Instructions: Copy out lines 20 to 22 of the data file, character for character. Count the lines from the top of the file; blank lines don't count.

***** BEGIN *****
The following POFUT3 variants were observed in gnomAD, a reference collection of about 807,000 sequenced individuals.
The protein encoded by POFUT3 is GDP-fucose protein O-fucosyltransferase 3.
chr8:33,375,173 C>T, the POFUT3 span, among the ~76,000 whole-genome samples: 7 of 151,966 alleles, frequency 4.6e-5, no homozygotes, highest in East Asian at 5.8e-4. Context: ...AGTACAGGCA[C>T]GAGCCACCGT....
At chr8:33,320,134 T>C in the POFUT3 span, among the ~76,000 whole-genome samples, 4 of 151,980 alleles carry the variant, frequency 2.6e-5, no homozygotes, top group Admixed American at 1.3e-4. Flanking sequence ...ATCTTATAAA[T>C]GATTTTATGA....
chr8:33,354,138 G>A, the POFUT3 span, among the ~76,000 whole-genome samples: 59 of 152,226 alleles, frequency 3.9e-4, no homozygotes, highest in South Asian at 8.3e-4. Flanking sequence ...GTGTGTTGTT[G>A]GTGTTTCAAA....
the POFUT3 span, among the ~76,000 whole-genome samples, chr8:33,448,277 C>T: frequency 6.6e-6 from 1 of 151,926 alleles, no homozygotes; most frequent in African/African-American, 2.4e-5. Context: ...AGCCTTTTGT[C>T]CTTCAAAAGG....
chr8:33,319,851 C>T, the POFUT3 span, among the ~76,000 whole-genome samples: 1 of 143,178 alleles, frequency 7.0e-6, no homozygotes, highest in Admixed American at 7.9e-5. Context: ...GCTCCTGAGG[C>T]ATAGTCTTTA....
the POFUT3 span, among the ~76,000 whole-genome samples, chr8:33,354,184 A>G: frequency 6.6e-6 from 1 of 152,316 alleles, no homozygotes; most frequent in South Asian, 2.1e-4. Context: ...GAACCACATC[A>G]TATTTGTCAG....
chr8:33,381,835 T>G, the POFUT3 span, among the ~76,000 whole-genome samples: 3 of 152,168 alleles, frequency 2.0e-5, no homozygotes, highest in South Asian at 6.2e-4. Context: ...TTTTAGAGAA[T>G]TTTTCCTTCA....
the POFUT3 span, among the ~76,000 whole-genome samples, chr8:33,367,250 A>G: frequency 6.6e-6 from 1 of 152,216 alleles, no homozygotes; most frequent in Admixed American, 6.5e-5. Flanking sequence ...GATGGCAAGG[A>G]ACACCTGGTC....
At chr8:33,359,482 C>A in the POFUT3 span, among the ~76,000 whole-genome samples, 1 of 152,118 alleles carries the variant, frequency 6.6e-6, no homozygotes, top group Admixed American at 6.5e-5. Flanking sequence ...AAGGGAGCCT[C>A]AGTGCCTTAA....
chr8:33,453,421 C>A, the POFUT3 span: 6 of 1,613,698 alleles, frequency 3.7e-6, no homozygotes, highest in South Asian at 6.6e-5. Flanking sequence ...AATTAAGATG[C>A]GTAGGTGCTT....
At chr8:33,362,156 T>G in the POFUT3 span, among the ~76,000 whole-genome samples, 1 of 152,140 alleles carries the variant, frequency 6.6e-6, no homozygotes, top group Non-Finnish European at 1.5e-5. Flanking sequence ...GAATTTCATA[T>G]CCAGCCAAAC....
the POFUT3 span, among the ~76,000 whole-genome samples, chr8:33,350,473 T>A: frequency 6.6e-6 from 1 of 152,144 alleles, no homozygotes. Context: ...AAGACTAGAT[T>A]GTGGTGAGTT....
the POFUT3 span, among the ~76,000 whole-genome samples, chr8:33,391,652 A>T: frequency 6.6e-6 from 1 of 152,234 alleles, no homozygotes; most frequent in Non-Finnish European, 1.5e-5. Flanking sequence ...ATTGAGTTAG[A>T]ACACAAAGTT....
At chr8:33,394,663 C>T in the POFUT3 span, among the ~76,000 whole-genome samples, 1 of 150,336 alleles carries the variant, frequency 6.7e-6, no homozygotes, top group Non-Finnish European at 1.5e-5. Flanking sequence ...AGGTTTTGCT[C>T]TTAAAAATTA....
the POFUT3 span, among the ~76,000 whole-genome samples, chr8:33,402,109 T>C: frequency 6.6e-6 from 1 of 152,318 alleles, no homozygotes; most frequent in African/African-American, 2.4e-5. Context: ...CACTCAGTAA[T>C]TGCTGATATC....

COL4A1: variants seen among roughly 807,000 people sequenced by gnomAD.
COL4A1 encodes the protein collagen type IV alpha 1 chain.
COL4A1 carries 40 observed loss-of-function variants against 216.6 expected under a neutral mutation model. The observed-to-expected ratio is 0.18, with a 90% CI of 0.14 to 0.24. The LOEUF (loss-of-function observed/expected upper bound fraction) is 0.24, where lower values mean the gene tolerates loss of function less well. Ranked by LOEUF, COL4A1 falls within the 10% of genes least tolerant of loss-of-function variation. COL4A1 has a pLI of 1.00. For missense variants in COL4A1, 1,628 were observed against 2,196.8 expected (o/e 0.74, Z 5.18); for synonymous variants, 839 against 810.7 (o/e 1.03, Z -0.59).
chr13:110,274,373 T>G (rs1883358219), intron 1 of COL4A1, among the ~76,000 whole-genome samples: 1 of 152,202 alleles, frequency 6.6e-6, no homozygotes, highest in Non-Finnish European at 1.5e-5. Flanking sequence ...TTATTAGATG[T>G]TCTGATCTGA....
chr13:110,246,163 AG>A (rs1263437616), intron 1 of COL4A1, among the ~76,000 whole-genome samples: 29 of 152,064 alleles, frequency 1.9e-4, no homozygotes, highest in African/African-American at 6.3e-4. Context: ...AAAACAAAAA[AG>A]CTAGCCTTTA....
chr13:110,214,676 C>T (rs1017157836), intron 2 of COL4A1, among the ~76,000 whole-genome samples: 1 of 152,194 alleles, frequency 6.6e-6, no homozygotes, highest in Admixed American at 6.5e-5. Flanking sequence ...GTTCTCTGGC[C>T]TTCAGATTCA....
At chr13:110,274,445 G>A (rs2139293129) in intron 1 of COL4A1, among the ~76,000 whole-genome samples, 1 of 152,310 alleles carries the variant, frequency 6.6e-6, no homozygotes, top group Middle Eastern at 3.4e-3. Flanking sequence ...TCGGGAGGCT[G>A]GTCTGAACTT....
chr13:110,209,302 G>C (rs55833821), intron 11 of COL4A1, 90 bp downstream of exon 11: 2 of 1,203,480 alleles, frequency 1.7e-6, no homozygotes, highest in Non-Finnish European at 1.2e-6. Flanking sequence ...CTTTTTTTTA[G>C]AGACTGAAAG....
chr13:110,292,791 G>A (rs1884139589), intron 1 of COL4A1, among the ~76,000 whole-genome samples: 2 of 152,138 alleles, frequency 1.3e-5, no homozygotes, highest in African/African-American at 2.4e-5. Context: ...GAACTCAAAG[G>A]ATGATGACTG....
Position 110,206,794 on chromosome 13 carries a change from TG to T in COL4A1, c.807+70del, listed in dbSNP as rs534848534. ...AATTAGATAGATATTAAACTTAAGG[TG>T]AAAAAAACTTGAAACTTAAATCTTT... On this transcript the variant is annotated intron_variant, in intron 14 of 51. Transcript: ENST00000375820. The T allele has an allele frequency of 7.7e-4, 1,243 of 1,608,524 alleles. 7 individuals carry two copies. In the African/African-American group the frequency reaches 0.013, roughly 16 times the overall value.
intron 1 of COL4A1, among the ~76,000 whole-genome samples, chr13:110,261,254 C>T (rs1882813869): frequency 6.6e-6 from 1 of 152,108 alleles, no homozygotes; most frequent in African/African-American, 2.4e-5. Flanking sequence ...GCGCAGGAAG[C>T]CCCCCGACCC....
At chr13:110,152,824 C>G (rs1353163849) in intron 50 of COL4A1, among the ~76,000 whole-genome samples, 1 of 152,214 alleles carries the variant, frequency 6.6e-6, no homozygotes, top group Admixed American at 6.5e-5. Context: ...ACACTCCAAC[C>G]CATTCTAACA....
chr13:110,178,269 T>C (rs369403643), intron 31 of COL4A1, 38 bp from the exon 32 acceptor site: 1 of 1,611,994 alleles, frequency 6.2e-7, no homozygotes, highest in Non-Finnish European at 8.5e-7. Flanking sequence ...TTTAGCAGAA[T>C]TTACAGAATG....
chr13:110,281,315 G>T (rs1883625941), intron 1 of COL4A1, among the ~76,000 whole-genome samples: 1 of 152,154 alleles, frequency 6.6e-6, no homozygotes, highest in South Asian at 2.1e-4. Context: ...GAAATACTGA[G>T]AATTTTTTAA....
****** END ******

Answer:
COL4A1 carries 40 observed loss-of-function variants against 216.6 expected under a neutral mutation model. The observed-to-expected ratio is 0.18, with a 90% CI of 0.14 to 0.24. The LOEUF (loss-of-function observed/expected upper bound fraction) is 0.24, where lower values mean the gene tolerates loss of function less well. Ranked by LOEUF, COL4A1 falls within the 10% of genes least tolerant of loss-of-function variation. COL4A1 has a pLI of 1.00. For missense variants in COL4A1, 1,628 were observed against 2,196.8 expected (o/e 0.74, Z 5.18); for synonymous variants, 839 against 810.7 (o/e 1.03, Z -0.59).
chr13:110,274,373 T>G (rs1883358219), intron 1 of COL4A1, among the ~76,000 whole-genome samples: 1 of 152,202 alleles, frequency 6.6e-6, no homozygotes, highest in Non-Finnish European at 1.5e-5. Flanking sequence ...TTATTAGATG[T>G]TCTGATCTGA....
chr13:110,246,163 AG>A (rs1263437616), intron 1 of COL4A1, among the ~76,000 whole-genome samples: 29 of 152,064 alleles, frequency 1.9e-4, no homozygotes, highest in African/African-American at 6.3e-4. Context: ...AAAACAAAAA[AG>A]CTAGCCTTTA....